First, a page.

Glucosamine and omega-3s for arthritis

In a study published in 2009, a combination of glucosamine and omega-3 fatty acids (such as those found in fish oil) performed the best in reducing arthritis symptoms. According to this research, while glucosamine improves cartilage metabolism, EPA and DHA (two omega-3 fatty acids) further reduce joint deterioration by suppressing inflammation, which lowers swelling and pain.

Although this seems to be the first study that looked closely at the glucosamine / omega-3 fatty acid combination for arthritis, the results are perhaps not so surprising. After all, clinical studies over the past two decades have repeatedly shown the value of omega-3 fatty acids in treating inflammatory conditions ranging from atherosclerosis to osteoarthritis. And a 2005 study found that In people who have osteoarthritis, increased use of omega-3 fatty acids and adequate intake of monounsaturated fatty acids such as olive oil (and decreased consumption of omega-6 fatty acids) can improve symptoms and even sometimes permit a reduction in the use of NSAIDs, the pain killers that can have unwanted long-term side effects (Miggiano GA et al 2005).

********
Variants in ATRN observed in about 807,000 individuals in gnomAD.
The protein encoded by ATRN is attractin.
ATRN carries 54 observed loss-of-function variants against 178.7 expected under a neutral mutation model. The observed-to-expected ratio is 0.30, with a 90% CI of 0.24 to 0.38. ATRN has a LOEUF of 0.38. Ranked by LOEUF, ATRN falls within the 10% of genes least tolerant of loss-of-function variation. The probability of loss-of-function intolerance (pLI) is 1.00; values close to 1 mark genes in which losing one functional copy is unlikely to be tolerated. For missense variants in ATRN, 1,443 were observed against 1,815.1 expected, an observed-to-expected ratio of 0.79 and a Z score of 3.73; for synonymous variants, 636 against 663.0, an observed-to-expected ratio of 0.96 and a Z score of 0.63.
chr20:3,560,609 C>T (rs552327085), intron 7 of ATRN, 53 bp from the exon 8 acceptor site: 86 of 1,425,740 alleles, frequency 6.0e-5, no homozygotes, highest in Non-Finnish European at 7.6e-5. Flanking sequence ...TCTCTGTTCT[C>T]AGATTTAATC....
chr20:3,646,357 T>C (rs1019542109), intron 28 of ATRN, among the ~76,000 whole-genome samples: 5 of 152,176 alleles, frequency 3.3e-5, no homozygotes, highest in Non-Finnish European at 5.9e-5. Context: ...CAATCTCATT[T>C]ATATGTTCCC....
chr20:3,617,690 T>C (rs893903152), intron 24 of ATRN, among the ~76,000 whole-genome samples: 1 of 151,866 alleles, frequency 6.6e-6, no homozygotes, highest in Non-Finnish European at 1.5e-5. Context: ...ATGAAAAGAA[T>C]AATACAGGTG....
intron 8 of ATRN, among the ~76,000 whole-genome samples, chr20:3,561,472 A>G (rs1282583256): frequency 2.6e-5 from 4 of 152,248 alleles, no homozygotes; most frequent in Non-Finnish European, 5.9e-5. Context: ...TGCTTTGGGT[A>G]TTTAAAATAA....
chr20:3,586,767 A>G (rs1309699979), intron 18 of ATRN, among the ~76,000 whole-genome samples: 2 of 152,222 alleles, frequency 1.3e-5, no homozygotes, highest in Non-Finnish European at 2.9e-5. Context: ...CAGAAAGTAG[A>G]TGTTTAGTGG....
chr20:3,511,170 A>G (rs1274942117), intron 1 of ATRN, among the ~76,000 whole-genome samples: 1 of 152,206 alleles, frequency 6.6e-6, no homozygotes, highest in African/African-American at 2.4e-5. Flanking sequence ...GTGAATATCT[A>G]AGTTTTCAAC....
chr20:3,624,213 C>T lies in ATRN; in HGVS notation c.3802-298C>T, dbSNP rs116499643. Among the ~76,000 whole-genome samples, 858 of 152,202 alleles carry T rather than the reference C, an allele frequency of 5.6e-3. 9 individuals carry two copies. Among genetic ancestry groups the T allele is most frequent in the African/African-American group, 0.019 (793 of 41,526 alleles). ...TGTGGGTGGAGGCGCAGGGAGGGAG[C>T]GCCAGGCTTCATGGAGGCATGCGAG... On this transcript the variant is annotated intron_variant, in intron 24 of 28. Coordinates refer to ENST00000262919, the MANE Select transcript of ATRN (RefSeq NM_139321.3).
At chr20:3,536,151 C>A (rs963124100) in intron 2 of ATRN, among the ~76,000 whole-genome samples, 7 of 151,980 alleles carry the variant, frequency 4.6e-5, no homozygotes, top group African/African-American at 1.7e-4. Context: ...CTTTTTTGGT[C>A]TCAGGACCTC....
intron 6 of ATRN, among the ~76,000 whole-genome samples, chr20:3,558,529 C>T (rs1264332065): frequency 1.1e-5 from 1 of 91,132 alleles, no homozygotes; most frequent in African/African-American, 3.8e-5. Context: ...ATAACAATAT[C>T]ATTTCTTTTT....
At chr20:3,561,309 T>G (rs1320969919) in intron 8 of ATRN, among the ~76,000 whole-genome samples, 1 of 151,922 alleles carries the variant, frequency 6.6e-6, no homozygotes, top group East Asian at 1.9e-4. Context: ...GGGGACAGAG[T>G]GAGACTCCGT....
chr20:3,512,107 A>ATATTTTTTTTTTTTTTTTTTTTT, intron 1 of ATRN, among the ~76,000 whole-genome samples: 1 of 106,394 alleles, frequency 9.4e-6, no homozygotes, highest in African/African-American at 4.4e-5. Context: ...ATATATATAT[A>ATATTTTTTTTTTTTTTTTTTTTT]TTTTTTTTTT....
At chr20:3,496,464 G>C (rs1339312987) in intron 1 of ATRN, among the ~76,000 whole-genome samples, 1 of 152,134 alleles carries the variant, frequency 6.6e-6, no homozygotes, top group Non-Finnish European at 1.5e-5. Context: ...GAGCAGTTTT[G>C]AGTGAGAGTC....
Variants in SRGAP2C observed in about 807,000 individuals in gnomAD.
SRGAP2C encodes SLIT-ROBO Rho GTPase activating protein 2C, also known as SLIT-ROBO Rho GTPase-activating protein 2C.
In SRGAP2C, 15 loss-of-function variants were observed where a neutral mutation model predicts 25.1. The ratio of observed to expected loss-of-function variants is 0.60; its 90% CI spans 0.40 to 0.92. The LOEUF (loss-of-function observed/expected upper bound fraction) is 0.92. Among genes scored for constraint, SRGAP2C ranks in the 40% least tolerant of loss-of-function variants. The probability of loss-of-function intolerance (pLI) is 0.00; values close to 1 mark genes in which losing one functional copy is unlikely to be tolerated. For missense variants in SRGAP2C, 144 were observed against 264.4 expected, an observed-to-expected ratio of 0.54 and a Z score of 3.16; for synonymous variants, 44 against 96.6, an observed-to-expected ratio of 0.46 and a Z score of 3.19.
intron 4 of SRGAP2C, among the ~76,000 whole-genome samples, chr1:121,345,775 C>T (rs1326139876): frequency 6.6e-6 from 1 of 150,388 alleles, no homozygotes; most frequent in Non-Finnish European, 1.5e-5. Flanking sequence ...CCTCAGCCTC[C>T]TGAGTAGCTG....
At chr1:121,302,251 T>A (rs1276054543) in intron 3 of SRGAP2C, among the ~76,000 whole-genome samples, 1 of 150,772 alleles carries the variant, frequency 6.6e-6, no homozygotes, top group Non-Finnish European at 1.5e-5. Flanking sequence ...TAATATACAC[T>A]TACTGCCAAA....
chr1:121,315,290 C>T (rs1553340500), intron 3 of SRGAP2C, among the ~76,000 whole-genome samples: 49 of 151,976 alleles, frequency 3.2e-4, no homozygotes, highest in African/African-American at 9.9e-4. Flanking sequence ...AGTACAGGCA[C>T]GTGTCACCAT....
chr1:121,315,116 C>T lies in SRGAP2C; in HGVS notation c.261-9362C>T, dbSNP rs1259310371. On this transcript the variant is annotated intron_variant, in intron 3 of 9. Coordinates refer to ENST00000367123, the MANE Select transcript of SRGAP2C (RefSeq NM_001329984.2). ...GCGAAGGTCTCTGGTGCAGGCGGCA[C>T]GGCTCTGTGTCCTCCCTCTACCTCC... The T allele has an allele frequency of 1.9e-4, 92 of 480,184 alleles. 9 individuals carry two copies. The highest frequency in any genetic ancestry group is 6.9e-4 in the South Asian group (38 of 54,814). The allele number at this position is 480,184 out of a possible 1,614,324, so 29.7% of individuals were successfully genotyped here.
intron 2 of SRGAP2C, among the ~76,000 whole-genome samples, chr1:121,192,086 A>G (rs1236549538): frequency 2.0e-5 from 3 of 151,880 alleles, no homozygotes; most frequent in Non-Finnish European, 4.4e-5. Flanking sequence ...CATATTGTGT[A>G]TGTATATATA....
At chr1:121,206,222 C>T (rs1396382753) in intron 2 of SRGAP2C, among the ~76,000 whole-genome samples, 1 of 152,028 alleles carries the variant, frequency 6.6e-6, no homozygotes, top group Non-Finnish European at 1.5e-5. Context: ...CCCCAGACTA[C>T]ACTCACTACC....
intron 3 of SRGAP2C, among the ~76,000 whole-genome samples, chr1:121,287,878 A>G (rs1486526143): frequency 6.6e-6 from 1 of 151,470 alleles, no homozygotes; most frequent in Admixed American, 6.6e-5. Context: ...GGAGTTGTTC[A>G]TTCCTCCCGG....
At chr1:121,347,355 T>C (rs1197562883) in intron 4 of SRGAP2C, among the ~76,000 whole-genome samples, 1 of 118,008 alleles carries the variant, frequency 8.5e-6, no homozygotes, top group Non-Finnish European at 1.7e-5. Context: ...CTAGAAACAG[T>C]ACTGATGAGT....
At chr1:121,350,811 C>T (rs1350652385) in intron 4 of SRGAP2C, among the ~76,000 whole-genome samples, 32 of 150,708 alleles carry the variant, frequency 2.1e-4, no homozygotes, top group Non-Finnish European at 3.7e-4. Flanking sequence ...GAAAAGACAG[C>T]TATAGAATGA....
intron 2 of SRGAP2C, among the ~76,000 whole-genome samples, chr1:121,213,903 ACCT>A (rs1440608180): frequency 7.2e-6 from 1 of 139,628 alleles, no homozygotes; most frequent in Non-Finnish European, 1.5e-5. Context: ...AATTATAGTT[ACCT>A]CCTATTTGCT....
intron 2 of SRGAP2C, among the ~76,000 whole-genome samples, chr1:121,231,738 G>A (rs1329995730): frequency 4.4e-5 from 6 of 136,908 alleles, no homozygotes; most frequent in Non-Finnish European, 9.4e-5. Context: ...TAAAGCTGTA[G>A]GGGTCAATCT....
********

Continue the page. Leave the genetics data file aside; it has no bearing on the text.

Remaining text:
Reference: Advances in Therapy 2009: “Effect of glucosamine sulfate with or without omega-3 fatty acids in patients with osteoarthritis” Authors: J. Gruenwald, E. Petzold, R. Busch, H.-P. Petzold, H.-J. Graubaum

For further recommendations, see NYBC entries under
Glucosamine chondroitin (the most common combination used to date in arthritis management), and the fish oil/ omega-3 fatty acid supplement Max DHA.

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